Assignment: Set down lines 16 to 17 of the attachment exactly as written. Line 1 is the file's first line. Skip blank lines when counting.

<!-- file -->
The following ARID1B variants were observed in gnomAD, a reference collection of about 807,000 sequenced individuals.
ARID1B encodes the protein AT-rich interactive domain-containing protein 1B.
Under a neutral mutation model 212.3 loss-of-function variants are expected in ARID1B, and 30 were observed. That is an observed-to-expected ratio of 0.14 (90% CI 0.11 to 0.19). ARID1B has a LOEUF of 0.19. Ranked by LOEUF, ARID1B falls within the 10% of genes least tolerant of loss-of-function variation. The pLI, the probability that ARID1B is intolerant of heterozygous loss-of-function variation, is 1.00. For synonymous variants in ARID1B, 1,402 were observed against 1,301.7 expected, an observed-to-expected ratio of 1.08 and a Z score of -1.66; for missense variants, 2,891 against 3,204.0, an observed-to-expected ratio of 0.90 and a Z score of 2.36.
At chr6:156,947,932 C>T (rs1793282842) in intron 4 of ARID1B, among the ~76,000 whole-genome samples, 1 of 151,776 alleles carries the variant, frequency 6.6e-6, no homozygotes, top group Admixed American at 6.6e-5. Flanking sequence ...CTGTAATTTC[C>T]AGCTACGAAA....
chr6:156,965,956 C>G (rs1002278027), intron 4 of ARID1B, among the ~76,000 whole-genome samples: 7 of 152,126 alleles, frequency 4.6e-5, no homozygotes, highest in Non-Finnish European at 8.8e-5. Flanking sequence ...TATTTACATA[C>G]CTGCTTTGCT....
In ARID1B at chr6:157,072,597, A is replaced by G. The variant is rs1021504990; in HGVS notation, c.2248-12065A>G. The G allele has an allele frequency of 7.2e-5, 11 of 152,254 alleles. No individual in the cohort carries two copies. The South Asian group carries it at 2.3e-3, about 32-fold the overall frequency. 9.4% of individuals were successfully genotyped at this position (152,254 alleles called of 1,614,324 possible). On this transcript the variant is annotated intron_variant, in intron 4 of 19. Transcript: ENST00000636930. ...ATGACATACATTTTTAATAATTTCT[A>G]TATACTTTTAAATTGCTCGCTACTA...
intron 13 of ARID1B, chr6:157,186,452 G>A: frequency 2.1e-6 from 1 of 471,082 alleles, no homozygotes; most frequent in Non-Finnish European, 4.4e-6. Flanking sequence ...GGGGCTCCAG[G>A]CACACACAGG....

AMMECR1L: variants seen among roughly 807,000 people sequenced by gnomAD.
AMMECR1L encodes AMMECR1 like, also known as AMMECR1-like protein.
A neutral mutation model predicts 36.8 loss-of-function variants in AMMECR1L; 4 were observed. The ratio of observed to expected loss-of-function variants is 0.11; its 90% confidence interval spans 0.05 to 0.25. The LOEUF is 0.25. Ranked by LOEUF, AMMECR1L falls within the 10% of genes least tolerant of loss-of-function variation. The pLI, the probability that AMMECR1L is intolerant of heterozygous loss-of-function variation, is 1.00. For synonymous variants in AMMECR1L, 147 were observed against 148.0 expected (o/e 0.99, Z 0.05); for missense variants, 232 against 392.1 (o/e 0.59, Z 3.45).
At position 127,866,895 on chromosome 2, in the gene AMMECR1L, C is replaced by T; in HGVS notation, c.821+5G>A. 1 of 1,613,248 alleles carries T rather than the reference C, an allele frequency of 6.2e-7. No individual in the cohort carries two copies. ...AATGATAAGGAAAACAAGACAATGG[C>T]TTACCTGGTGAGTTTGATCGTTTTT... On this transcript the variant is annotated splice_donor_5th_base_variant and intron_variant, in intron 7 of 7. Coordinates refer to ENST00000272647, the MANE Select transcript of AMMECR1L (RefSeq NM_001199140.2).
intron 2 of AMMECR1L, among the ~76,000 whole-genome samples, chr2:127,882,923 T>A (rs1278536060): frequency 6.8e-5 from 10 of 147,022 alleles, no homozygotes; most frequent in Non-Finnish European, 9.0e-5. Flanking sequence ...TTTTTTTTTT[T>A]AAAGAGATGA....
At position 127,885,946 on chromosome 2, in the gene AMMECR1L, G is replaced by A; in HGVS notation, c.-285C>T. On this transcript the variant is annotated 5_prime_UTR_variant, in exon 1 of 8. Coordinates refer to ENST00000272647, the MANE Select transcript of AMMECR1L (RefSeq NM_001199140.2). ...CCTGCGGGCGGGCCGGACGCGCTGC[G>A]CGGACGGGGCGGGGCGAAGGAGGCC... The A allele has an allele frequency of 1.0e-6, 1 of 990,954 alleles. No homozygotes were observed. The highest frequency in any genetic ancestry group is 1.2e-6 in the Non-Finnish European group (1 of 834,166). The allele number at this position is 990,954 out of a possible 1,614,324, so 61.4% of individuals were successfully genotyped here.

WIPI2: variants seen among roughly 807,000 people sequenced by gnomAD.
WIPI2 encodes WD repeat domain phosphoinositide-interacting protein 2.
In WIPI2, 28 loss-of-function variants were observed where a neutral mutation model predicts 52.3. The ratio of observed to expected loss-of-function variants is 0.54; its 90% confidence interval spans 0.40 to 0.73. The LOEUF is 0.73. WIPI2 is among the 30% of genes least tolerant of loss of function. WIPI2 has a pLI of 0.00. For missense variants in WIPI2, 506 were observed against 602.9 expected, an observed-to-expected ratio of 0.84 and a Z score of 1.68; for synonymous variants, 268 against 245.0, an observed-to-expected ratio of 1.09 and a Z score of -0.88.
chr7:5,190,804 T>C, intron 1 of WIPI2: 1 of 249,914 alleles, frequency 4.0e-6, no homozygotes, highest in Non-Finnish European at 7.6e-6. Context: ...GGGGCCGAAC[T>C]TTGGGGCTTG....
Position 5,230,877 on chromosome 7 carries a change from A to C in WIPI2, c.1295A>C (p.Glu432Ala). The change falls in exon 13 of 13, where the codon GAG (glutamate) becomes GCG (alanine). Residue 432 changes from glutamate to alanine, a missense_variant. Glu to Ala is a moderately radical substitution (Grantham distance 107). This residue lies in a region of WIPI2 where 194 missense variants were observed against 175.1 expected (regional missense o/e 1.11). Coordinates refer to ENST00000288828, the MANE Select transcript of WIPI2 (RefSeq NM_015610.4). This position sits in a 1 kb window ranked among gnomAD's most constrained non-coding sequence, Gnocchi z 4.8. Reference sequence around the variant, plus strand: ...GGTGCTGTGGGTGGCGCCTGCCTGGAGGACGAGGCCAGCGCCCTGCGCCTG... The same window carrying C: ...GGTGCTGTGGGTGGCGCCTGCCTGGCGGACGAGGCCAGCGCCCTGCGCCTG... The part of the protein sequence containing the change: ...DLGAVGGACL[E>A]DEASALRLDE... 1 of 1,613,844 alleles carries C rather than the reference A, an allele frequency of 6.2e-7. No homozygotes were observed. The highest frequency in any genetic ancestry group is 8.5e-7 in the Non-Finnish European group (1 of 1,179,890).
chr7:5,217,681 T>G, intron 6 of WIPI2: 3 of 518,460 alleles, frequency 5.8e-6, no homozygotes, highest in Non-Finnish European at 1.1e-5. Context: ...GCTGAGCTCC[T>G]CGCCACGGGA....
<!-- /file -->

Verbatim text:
In WIPI2, 28 loss-of-function variants were observed where a neutral mutation model predicts 52.3. The ratio of observed to expected loss-of-function variants is 0.54; its 90% confidence interval spans 0.40 to 0.73. The LOEUF is 0.73. WIPI2 is among the 30% of genes least tolerant of loss of function. WIPI2 has a pLI of 0.00. For missense variants in WIPI2, 506 were observed against 602.9 expected, an observed-to-expected ratio of 0.84 and a Z score of 1.68; for synonymous variants, 268 against 245.0, an observed-to-expected ratio of 1.09 and a Z score of -0.88.
chr7:5,190,804 T>C, intron 1 of WIPI2: 1 of 249,914 alleles, frequency 4.0e-6, no homozygotes, highest in Non-Finnish European at 7.6e-6. Context: ...GGGGCCGAAC[T>C]TTGGGGCTTG....